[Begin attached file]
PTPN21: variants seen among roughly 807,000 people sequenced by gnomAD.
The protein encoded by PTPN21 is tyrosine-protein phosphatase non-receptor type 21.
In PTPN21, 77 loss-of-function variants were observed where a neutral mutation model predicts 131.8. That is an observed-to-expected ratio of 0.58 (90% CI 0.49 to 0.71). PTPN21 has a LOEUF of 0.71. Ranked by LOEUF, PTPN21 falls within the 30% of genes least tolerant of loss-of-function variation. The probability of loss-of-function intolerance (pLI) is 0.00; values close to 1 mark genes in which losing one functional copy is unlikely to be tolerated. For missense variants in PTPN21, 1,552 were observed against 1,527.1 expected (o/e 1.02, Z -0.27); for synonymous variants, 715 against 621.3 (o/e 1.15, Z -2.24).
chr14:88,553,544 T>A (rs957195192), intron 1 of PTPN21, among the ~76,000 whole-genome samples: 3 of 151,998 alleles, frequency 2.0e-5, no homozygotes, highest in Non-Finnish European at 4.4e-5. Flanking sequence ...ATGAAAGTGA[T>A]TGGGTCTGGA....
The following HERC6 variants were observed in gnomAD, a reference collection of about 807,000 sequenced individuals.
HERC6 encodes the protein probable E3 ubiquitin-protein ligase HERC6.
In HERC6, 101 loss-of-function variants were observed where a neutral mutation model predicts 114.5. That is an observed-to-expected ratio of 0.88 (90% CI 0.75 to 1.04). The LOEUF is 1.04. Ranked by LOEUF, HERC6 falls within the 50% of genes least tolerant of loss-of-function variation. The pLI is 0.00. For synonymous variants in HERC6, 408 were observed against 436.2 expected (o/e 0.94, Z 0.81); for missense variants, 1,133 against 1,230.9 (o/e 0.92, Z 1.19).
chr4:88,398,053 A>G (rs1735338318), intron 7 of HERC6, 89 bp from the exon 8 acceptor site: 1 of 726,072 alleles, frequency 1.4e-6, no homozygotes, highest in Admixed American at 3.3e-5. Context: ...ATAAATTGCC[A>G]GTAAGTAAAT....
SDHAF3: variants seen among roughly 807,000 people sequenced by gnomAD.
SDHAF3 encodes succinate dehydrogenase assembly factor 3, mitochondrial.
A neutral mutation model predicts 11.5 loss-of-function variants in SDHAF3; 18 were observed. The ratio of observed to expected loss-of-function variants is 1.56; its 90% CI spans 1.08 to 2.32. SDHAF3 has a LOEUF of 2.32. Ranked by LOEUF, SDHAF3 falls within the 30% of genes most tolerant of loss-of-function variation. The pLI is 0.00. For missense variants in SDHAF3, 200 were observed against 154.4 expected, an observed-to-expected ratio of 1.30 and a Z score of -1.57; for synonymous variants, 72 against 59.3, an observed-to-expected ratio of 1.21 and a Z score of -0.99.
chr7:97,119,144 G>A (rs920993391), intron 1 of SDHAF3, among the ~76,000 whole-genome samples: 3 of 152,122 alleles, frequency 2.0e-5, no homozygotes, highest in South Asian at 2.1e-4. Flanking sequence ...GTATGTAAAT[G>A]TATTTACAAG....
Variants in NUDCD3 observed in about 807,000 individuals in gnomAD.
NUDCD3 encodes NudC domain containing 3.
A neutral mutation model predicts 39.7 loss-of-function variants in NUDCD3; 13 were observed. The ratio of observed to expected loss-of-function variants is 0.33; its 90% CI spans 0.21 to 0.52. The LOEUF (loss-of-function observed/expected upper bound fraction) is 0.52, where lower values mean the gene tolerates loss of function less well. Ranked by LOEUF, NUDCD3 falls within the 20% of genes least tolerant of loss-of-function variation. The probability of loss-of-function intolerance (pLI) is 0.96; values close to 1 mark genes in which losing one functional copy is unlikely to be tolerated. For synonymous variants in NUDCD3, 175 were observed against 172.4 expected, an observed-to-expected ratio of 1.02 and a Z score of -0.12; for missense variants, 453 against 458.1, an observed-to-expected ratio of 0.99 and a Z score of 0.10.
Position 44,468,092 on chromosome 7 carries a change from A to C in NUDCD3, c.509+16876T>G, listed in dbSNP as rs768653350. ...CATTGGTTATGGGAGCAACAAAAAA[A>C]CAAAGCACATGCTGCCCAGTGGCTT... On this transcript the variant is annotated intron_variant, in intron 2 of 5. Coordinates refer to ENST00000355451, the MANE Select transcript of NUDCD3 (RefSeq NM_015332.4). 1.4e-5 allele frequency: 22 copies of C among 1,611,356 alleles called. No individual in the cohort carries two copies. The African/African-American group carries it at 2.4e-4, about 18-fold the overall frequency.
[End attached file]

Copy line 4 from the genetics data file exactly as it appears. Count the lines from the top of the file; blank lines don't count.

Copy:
chr14:88,553,544 T>A (rs957195192), intron 1 of PTPN21, among the ~76,000 whole-genome samples: 3 of 151,998 alleles, frequency 2.0e-5, no homozygotes, highest in Non-Finnish European at 4.4e-5. Flanking sequence ...ATGAAAGTGA[T>A]TGGGTCTGGA....